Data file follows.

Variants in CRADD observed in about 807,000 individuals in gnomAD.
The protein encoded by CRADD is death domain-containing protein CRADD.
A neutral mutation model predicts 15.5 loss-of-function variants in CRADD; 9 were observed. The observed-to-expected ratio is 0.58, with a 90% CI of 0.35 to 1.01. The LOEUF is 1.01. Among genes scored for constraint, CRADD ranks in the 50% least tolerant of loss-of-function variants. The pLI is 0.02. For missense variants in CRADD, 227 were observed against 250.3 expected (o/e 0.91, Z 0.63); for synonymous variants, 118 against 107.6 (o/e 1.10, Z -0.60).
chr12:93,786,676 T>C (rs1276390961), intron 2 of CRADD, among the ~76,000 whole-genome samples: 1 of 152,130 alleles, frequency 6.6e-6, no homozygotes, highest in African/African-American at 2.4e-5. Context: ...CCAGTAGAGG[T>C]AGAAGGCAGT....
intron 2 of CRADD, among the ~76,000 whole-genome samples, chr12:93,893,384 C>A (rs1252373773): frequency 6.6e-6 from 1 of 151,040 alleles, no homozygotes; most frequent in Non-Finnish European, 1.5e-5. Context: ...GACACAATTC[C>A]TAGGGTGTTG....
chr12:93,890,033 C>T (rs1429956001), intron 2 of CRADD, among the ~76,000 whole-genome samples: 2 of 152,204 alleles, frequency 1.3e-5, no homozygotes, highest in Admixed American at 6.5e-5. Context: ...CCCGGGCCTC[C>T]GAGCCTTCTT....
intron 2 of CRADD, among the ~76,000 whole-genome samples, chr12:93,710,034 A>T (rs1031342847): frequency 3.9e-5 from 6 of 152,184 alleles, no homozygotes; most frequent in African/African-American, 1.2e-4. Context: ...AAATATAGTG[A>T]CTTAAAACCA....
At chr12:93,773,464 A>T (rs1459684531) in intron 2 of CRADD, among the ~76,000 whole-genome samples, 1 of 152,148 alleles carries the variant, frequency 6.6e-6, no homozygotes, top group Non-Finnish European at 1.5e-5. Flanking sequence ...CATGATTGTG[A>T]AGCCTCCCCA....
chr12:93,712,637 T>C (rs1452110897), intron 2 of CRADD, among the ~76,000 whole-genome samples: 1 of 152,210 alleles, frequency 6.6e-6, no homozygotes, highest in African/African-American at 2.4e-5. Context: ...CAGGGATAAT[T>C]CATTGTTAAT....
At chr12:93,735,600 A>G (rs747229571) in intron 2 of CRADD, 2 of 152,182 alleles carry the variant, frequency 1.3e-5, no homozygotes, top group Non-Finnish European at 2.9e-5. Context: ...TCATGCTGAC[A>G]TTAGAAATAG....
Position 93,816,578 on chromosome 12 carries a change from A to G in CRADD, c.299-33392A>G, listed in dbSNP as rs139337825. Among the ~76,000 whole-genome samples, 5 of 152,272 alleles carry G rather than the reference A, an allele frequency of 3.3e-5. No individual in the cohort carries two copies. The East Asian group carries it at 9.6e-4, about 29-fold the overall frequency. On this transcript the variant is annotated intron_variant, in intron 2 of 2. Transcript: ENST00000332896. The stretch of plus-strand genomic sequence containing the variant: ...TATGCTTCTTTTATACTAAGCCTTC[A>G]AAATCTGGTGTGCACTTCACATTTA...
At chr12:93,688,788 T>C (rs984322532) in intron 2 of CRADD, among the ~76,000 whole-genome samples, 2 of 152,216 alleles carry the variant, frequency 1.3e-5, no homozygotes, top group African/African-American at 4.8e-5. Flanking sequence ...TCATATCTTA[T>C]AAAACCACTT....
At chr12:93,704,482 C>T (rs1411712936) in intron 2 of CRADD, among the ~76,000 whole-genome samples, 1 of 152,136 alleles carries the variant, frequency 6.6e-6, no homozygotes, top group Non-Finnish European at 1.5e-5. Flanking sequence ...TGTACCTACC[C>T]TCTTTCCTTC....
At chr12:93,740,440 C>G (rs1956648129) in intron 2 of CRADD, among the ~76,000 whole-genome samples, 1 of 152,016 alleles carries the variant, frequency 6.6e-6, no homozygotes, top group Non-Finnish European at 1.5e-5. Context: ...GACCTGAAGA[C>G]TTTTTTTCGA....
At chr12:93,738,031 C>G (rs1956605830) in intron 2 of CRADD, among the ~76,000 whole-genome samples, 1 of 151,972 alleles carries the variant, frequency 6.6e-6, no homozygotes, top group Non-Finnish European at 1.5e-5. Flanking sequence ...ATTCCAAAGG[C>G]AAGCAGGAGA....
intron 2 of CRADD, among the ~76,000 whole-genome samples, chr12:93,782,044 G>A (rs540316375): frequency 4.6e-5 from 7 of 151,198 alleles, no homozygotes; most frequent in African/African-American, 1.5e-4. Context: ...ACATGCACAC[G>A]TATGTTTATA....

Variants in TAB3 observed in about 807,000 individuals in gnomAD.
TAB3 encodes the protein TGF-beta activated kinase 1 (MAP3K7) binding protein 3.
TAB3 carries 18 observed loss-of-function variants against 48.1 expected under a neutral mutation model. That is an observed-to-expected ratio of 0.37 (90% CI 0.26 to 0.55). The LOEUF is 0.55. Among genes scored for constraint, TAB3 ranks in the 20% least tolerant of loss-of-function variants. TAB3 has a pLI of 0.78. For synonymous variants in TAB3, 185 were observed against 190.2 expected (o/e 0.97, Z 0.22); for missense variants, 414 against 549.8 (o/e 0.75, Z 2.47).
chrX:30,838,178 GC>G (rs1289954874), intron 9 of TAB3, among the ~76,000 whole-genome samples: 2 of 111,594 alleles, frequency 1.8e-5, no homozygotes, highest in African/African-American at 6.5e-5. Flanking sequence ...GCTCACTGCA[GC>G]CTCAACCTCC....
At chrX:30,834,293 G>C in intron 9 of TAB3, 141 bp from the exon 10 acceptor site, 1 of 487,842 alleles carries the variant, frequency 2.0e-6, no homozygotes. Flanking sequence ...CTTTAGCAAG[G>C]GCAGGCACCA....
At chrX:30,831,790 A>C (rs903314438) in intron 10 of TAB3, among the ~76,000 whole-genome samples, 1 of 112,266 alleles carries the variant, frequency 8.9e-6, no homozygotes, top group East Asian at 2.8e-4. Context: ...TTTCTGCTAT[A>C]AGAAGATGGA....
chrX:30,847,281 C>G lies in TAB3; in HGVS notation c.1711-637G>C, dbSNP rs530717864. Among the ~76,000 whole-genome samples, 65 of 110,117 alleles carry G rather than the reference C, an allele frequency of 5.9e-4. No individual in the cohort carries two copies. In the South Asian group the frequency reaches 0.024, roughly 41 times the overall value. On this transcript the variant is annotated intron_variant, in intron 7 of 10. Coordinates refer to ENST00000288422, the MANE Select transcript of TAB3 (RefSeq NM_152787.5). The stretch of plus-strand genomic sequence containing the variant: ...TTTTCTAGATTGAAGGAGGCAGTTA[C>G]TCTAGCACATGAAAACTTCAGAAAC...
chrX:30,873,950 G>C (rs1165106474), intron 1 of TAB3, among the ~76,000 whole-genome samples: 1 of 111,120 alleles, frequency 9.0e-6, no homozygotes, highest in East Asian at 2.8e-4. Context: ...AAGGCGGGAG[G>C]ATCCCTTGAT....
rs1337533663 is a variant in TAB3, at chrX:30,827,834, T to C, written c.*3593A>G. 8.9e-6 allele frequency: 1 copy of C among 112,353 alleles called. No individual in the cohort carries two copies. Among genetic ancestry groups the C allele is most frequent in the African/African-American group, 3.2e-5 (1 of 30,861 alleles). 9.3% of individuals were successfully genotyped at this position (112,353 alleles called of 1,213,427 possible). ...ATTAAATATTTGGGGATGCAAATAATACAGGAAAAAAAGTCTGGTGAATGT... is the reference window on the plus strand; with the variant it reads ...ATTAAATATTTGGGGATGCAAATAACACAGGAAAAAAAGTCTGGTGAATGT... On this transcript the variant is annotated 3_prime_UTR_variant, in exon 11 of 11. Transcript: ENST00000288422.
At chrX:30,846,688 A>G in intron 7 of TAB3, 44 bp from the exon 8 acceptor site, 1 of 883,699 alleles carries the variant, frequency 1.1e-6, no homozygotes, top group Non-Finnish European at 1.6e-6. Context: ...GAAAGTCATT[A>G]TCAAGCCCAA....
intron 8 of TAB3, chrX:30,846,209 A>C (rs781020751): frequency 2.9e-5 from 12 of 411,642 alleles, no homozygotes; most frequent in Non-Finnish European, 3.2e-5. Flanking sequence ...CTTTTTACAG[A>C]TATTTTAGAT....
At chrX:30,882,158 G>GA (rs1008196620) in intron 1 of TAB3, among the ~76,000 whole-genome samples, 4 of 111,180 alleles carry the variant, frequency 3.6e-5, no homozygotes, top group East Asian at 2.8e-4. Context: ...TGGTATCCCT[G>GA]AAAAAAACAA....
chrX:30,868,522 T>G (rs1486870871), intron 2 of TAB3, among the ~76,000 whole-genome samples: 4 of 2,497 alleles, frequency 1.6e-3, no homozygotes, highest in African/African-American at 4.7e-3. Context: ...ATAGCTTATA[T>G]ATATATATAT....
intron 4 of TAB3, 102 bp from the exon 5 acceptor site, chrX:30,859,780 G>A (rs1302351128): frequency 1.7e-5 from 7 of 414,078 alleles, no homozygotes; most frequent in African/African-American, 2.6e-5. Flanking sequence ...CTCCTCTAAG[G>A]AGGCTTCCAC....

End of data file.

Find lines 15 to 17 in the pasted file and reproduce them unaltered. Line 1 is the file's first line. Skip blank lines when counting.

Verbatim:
At chr12:93,738,031 C>G (rs1956605830) in intron 2 of CRADD, among the ~76,000 whole-genome samples, 1 of 151,972 alleles carries the variant, frequency 6.6e-6, no homozygotes, top group Non-Finnish European at 1.5e-5. Flanking sequence ...ATTCCAAAGG[C>G]AAGCAGGAGA....
intron 2 of CRADD, among the ~76,000 whole-genome samples, chr12:93,782,044 G>A (rs540316375): frequency 4.6e-5 from 7 of 151,198 alleles, no homozygotes; most frequent in African/African-American, 1.5e-4. Context: ...ACATGCACAC[G>A]TATGTTTATA....

Variants in TAB3 observed in about 807,000 individuals in gnomAD.